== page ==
A Single Journey is a moving, heartfelt story about love, loss and staying true to yourself. The perfect accompaniment to a nice cup of tea and a relaxing Sunday afternoon, reading this book is a wonderful way to spend a weekend this summer.

Rating: 3 stars

A Single Journey is available to buy now.

Will you be grabbing a copy of the book? Let me know in the comments below!

Tuesday, 14 August 2018

Interview: Kfir Luzzatto

Thrilled to be welcoming Kfir Luzzatto to The Writing Greyhound today for a chat about Chipless - read on for more details!

Firstly, please could you introduce yourself?
I was born and raised in Italy and moved to Israel as a teenager. I acquired the love for the English language from my father, a former U.S. soldier and WWII veteran, a voracious reader and a prolific writer. With a PhD in chemical engineering and a long family history that I need to live up to, I work as a patent attorney and head the patent law firm that was established by my great-grandfather, in 1869. I live in Omer, Israel, with my partner, Esther, our four children, Michal, Lilach, Tamar and Yonatan, and our dog, Elvis.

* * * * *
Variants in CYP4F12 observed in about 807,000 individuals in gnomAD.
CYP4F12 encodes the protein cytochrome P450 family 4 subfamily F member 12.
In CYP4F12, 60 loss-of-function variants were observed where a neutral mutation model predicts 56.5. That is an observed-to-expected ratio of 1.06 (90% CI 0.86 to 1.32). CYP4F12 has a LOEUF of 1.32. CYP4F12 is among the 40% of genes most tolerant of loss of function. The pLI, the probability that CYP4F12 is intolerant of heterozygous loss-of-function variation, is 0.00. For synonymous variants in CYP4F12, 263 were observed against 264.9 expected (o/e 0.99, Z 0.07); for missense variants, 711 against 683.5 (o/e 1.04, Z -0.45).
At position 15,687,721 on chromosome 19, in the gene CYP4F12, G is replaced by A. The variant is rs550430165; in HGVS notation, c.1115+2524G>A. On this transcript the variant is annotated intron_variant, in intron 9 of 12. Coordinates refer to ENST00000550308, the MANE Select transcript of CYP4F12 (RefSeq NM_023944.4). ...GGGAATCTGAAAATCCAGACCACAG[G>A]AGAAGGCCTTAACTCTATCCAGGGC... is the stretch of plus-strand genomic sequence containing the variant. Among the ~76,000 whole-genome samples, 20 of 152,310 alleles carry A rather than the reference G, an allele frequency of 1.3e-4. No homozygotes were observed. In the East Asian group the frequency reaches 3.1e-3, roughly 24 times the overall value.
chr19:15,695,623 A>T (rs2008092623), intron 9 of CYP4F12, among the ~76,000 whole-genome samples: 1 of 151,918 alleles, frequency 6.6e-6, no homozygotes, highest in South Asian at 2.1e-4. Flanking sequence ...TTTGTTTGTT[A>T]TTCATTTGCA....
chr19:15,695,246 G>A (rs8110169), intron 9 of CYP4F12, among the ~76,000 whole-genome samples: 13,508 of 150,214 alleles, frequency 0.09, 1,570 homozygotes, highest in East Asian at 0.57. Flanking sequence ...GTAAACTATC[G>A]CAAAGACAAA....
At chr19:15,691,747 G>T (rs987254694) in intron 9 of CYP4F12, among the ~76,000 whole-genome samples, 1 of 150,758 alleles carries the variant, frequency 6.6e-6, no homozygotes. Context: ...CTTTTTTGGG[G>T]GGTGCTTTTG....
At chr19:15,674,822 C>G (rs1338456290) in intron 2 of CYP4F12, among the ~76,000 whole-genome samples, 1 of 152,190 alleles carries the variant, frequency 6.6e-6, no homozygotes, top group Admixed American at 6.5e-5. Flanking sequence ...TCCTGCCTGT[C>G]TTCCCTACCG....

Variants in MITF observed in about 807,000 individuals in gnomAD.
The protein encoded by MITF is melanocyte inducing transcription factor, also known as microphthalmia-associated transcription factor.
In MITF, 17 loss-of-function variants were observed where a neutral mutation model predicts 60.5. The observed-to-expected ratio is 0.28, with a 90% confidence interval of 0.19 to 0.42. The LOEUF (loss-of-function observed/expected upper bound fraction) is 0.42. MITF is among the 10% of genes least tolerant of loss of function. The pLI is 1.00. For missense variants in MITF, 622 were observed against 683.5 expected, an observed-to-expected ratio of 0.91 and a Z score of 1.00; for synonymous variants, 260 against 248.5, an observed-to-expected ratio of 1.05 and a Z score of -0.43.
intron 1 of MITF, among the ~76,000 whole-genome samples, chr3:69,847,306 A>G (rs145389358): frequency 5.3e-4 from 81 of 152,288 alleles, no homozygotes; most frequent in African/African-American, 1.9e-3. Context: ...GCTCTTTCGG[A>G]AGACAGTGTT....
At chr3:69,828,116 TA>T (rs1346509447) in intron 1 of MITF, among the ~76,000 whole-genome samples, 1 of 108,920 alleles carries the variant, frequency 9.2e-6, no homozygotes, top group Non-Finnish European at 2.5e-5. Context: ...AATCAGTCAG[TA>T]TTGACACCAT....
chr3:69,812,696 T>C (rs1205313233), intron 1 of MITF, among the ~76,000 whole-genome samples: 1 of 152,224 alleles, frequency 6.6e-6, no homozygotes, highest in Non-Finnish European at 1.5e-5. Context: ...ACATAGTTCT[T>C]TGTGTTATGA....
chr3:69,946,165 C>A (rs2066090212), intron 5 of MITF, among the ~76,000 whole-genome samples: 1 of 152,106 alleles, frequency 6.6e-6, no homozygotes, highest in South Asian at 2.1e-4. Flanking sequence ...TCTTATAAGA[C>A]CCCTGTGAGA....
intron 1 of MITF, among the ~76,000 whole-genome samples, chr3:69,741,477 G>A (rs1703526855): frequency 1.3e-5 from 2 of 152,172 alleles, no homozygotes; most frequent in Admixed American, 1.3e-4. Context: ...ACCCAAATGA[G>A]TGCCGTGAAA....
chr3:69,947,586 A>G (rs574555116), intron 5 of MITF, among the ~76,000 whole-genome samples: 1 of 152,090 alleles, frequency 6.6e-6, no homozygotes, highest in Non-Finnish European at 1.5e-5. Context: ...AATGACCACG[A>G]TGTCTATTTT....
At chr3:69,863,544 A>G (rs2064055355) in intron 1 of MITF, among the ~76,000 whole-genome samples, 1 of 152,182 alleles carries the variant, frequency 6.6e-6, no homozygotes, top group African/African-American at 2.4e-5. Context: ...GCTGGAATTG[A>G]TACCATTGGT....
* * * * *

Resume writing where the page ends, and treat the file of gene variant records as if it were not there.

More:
How did you first become interested in writing?
Writing has been my passion for as long as I remember myself, but as a young man, I never really thought about publishing. I had to reach maturity before I concluded that my writing was good enough to be read. I love writing short stories but I have too many novels waiting to be written (and possibly not enough years ahead of me to write them all), so now I mostly write full-length fiction. My other passion is working with other authors on stories I love, and that's how I wound up serving on the editorial board of The Harrow Press as Anthology Editor until the end of 2014 when it folded its tent. I also write non-fiction, but that’s another story.
chipless, kfir-luzzatto, book

Tell me about Chipless.
I can’t do any better than my back cover blurb: 
In a post-apocalyptic, dystopian society, health authorities implant a chip in the brain of every infant to prevent the spread of disease. But the rulers exploit the chip to manipulate the population and to create a distorted vision of the world. When Kal, a young physicist, accidentally discovers the truth about the chip, his life is in danger. 
But Kal is not alone. Amber, a young, chipless girl from a distant society, who is on a personal mission, helps him to get away before the city police find him. The knowledge that Kal holds is a potent weapon against the tyranny of the rulers, and he has no choice but to join Amber and her fellow rebels in fighting them. 
Kal and Amber escape together from the city, but the hunt for them is on. They must travel through dangerous, lawless territories to reach a safe destination. It’s a race in which time is running out for Kal. If they don’t make it in time, both his life and the hope of fighting the city tyrants will be lost.
What drew you to writing in the dystopian genre?